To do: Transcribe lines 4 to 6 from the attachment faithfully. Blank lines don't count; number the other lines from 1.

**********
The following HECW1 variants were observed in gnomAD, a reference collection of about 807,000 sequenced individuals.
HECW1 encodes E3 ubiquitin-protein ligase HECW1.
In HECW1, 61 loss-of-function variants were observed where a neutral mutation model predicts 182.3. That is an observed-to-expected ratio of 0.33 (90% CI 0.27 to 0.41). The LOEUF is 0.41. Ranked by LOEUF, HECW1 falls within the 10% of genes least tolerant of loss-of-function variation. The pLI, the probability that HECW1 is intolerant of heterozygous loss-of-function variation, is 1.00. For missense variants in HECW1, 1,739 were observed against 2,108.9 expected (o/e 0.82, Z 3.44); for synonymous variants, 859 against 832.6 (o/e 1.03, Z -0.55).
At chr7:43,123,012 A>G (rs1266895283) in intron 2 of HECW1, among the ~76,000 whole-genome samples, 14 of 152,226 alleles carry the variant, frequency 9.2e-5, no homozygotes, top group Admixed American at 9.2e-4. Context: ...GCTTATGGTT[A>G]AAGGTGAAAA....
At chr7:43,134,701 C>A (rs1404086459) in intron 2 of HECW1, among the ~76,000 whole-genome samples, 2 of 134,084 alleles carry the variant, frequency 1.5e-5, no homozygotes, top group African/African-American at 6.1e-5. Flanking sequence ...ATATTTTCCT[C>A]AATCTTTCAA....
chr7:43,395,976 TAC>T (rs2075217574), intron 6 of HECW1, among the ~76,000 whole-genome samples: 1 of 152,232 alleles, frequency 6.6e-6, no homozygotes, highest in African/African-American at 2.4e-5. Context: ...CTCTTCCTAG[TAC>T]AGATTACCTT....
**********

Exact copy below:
At chr7:43,123,012 A>G (rs1266895283) in intron 2 of HECW1, among the ~76,000 whole-genome samples, 14 of 152,226 alleles carry the variant, frequency 9.2e-5, no homozygotes, top group Admixed American at 9.2e-4. Context: ...GCTTATGGTT[A>G]AAGGTGAAAA....
At chr7:43,134,701 C>A (rs1404086459) in intron 2 of HECW1, among the ~76,000 whole-genome samples, 2 of 134,084 alleles carry the variant, frequency 1.5e-5, no homozygotes, top group African/African-American at 6.1e-5. Flanking sequence ...ATATTTTCCT[C>A]AATCTTTCAA....
chr7:43,395,976 TAC>T (rs2075217574), intron 6 of HECW1, among the ~76,000 whole-genome samples: 1 of 152,232 alleles, frequency 6.6e-6, no homozygotes, highest in African/African-American at 2.4e-5. Context: ...CTCTTCCTAG[TAC>T]AGATTACCTT....